How do seizures affect a child’s school performance and social well-being? Previous studies have shown that children with epilepsy may have memory problems and process information more slowly, which may affect their ability to do math. Children with epilepsy are also at risk of having depression, which is linked to low self-esteem. In the present study, Drs. Prasad and Corbett looked at the impact of epilepsy on math ability and self-esteem measures from survey data collected by Statistics Canada’s National Longitudinal Survey of Children and Youth (1994-2009).
For this study, measures of math ability and self-esteem were collected from 71 children with epilepsy, 8-15 years old, and compared to children who did not have epilepsy. The researchers found that children who had epilepsy but no other health impairments performed just as well as their peers on math tests. However, children with epilepsy who had additional health issues, such as problems with vision, hearing, walking, or emotions, did show a decrease in math scores compared to their peers.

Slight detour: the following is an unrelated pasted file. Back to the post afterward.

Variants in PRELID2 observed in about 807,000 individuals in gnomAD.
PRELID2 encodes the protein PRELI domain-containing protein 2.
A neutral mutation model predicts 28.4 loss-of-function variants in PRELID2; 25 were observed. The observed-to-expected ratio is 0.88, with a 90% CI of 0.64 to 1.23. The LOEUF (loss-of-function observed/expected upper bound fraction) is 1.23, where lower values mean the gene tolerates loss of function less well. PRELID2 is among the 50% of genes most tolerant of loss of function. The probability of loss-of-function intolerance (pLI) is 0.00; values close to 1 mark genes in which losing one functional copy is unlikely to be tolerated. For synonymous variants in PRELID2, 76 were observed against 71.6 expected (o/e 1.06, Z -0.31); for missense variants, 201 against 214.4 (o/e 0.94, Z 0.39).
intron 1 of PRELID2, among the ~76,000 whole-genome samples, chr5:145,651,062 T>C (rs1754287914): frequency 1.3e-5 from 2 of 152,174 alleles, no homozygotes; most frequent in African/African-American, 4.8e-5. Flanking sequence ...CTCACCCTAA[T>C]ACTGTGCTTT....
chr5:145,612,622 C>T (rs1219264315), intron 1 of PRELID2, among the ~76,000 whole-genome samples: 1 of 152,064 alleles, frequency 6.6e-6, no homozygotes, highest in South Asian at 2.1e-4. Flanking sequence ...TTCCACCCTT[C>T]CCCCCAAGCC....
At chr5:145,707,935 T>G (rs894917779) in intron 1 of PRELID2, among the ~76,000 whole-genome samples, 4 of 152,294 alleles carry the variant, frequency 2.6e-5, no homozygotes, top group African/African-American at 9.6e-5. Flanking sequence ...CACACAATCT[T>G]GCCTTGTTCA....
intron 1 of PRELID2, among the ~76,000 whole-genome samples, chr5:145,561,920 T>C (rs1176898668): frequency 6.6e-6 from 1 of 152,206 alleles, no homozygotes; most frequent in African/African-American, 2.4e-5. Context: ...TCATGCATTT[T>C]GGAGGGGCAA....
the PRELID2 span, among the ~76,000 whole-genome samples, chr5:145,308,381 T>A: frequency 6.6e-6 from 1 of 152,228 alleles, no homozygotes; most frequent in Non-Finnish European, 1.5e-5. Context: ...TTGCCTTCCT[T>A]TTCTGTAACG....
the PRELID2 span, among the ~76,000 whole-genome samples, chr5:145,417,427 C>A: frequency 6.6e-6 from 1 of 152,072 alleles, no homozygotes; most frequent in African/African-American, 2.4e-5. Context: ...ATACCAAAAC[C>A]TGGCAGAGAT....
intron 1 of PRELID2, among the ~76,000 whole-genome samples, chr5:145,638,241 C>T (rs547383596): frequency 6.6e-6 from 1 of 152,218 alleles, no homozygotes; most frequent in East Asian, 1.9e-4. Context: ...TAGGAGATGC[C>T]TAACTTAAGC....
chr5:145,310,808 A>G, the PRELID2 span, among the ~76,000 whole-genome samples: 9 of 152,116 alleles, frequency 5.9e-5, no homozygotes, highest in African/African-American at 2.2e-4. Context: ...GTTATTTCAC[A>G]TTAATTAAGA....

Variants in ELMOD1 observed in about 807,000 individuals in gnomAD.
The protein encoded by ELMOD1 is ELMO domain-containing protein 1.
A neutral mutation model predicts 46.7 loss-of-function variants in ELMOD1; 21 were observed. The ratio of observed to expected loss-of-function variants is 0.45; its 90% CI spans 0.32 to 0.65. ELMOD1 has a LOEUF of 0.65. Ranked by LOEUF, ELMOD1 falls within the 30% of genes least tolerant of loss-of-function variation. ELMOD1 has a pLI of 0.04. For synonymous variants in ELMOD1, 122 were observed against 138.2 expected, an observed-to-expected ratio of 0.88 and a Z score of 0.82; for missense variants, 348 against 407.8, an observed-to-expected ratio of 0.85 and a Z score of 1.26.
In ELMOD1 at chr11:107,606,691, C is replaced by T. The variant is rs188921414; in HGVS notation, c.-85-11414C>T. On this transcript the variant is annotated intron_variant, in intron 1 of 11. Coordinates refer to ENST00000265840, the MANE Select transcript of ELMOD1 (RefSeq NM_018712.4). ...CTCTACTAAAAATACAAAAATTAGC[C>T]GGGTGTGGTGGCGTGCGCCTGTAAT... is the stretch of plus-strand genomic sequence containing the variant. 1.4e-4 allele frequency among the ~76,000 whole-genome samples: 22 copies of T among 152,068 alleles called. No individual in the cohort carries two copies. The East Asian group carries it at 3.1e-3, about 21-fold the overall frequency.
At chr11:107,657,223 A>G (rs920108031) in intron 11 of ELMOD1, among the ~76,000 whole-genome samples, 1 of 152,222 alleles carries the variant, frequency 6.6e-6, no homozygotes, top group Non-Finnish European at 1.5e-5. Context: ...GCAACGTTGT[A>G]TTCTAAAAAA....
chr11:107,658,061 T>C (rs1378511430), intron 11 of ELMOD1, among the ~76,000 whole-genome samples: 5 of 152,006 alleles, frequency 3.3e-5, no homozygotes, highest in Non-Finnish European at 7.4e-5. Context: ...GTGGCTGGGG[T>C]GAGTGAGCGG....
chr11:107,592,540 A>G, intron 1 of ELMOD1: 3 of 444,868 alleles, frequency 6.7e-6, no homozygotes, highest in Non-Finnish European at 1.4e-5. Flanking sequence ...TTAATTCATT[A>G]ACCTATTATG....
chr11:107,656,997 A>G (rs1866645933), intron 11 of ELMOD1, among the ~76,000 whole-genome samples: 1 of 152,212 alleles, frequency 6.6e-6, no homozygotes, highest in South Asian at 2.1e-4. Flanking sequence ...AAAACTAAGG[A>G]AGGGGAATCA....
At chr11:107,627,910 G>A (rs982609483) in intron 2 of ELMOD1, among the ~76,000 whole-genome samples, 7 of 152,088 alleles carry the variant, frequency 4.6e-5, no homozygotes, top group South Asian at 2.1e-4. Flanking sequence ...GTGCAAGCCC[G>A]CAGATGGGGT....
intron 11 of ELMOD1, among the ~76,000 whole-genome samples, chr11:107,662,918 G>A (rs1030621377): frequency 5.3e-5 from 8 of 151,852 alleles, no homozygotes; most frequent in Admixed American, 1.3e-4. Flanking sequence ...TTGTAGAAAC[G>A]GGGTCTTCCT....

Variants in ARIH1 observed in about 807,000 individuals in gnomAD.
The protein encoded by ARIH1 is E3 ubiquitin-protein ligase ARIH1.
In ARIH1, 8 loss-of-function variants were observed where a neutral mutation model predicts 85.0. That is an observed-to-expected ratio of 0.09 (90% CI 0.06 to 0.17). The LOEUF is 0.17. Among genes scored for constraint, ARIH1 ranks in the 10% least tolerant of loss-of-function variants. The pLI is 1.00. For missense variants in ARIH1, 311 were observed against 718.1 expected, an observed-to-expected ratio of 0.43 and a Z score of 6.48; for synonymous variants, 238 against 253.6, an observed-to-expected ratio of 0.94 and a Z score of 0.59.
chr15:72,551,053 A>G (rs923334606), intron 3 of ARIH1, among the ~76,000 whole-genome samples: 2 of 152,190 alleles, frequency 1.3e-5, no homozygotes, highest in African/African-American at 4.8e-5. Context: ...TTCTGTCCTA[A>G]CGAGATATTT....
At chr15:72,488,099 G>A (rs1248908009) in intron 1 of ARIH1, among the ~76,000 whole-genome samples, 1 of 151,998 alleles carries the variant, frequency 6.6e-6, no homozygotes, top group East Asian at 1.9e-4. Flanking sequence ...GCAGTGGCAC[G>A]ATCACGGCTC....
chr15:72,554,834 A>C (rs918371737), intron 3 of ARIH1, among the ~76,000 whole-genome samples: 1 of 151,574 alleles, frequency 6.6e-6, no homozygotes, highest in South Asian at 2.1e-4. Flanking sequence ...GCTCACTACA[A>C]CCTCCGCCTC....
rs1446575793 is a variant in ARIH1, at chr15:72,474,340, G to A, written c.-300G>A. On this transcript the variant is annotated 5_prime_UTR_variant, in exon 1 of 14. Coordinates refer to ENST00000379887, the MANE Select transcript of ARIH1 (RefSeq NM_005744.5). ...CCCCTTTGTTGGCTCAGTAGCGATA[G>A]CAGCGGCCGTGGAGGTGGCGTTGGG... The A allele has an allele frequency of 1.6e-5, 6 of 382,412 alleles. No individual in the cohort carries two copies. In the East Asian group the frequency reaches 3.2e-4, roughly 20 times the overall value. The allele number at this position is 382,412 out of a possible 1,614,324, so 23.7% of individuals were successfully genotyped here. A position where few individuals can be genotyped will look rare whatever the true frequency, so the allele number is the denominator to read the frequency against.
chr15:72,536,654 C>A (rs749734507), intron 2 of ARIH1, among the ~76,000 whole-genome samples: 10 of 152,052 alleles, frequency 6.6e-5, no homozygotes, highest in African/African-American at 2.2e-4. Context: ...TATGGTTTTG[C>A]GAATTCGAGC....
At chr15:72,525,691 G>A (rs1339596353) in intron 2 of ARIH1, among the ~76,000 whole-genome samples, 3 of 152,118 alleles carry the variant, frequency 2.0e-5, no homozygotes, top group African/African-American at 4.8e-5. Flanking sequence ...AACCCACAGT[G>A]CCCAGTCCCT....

In children who do not have epilepsy, self-esteem generally decreases between the ages of 8 and 15. However, in children with epilepsy, this relationship is not as simple. Some children with epilepsy do show lower self-esteem levels with age, while others remain the same. The authors suggest that self-esteem measures might be related to the severity of epilepsy. Children with frequent uncontrolled seizures may experience more social isolation, leading to a greater drop in self-esteem. However, it is also possible that children with more severe epilepsy are protected from experiencing some of the challenges of becoming a teenager, which may explain why self-esteem levels remained the same with age.
Possible future research might look at how differences in brain development or seizure type might affect these results, and look for strategies to improve school performance in children with epilepsy.